Eating more fruits and vegetables are likely to reduce the risk of some chronic diseases. And fruits provide a rich source of important nutrients — including dietary fiber, folate (folic acid), vitamin C, and potassium. That’s why the U.S. Food and Drug Administration recommends that we eat two servings of fruits per day.
But, even though eating fruit provides us a variety of health benefits, there are some fruits that dietitians recommend we should avoid — or, at least minimize in our diet.
Least Favorite Fruits
Here is a list of fruit sources dietitians from the world-renowned Cleveland Clinic recommend we should avoid or reduce from our diets.
- Dried Fruits — Drying fruit removes most of the fruit’s water content. But including food sources with water and fiber in your diet helps you feel full — so eating dried fruit defeats the purpose of satisfying your appetite. And according to dietitian Anna Taylor, MS, RD, LD, “Most [dried fruits] are loaded with added sugars, increasing their calories and spiking your blood sugar.”
- Melon — Melons are low in fiber and high in sugar. And when it comes to melons, there’s not much to chew on. In fact, melons digest too fast. Julia Zumpano, RD, LD cautions us; “melon is easy to overeat.” Julia adds, “Melons can leave you feeling hungry after a short period of time. So limit your portion to less than a cup, or choose a fruit that is high in fiber and low in sugar.”
- Canned Fruit — It’s much easier to eat more canned fruit than fresh fruit at one sitting. Laura Jeffers, MEd, RD, LD advises, “Unless it’s packed in water, canned fruit contains extra calories from the juice it sits in. And the fruit loses its crisp bite because it’s saturated with liquid.”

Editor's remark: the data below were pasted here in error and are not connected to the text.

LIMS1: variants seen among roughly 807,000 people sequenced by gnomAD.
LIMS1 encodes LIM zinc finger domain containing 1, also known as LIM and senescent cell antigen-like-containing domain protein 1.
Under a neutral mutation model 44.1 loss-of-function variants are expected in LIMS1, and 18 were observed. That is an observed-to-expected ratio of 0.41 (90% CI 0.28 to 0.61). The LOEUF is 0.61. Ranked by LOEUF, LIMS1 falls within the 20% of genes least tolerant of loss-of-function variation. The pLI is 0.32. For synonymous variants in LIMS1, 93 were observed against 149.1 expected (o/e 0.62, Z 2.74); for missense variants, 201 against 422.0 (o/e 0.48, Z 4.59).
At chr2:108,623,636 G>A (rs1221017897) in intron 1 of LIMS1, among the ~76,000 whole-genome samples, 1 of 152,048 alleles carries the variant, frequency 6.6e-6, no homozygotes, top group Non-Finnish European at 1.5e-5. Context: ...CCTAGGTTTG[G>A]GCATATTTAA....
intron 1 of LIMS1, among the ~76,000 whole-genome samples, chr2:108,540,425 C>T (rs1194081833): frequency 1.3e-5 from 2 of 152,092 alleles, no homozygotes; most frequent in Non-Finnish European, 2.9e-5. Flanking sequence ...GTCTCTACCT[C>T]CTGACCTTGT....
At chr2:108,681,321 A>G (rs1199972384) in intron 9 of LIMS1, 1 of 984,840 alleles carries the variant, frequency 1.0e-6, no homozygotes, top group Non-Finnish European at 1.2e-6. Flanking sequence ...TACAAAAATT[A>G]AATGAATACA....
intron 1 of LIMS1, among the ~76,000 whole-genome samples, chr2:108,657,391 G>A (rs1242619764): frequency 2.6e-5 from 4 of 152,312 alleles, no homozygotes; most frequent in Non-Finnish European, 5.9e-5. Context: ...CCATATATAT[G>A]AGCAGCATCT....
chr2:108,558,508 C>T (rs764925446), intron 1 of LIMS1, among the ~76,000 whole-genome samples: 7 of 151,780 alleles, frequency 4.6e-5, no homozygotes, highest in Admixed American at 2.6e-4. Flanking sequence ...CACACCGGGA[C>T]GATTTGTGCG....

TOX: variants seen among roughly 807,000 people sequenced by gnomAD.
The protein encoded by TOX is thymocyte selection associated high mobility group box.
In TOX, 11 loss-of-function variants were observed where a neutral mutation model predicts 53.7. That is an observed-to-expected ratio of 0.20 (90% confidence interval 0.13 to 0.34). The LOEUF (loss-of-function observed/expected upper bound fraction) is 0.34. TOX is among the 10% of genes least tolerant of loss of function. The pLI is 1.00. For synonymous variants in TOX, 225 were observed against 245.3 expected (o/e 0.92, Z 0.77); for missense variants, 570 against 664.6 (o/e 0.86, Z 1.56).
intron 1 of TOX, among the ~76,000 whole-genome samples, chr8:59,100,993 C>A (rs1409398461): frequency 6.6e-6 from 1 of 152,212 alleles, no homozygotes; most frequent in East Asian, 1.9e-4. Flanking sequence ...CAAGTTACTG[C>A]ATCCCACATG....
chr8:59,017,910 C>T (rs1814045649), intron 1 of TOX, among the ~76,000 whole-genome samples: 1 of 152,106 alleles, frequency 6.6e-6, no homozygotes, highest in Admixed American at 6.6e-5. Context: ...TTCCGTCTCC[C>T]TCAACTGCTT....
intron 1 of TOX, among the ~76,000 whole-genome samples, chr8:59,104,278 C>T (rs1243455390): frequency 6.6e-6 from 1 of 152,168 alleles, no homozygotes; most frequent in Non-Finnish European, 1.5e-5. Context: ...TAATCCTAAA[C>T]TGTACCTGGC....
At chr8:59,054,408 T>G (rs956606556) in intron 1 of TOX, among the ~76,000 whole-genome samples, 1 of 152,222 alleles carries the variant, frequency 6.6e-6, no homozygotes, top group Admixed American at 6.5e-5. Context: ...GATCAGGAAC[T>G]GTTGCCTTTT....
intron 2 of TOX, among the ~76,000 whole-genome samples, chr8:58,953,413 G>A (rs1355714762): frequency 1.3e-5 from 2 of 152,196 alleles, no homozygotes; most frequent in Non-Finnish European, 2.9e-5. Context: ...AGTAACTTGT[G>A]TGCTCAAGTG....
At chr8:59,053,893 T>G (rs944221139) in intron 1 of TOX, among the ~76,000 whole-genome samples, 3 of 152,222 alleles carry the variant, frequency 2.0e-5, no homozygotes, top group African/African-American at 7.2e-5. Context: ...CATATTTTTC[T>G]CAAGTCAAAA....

- Store-bought smoothies or any fruit in juice — The fiber in whole fruits is what keeps our blood sugar stable so we don’t overeat. But, according to Brigid Titgemeier, MS, RDN, LD, cold-pressed fruit juices spike our blood sugar levels just as much as the fruit juices that sit on a shelf. If you’re going to buy a cold-pressed juice, make sure it’s mostly vegetables, she suggests. In order to help stabilize your blood sugar, add a handful of nuts. Kristin Kirkpatrick, MS, RD, LD adds, “In juices and smoothies, the fiber is removed. All you’re left with is a whole bunch of sugar. I prefer chewing to drinking fruits.”
- Grapes — Grapes do have nutrients. But grapes are also high in sugar and low in fiber. Jennifer Willoughby, RD, CSP, LD warns us “Grapes are so sweet and delicious that they’re called ‘nature’s candy.’ But it’s dangerously easy to overeat them! Be careful not to sit down with a whole bag, or you’ll get a mega-dose of natural sugars.” And that will raise your blood sugar.
More on the Cleveland Clinic
Cleveland Clinic dietitian Julia Zumpano, RD, LD suggests it’s always best to pair fruit with a protein source – like a spoonful of nut butter or a handful of nuts. Use these Cleveland Clinic nutrition tips to get the most from your two daily servings of fruit.
The Cleveland Clinic is a multi-specialty academic hospital located in Cleveland, Ohio. The hospital — owned and operated by the Cleveland Clinic Foundation — is an Ohio nonprofit corporation established in 1921.
Cleveland Clinic is ranked nationally in 14 adult and nine pediatric specialties. In addition, the Cleveland Clinic is a teaching hospital — accredited by the Commission on Accreditation of Rehabilitation Facilities.
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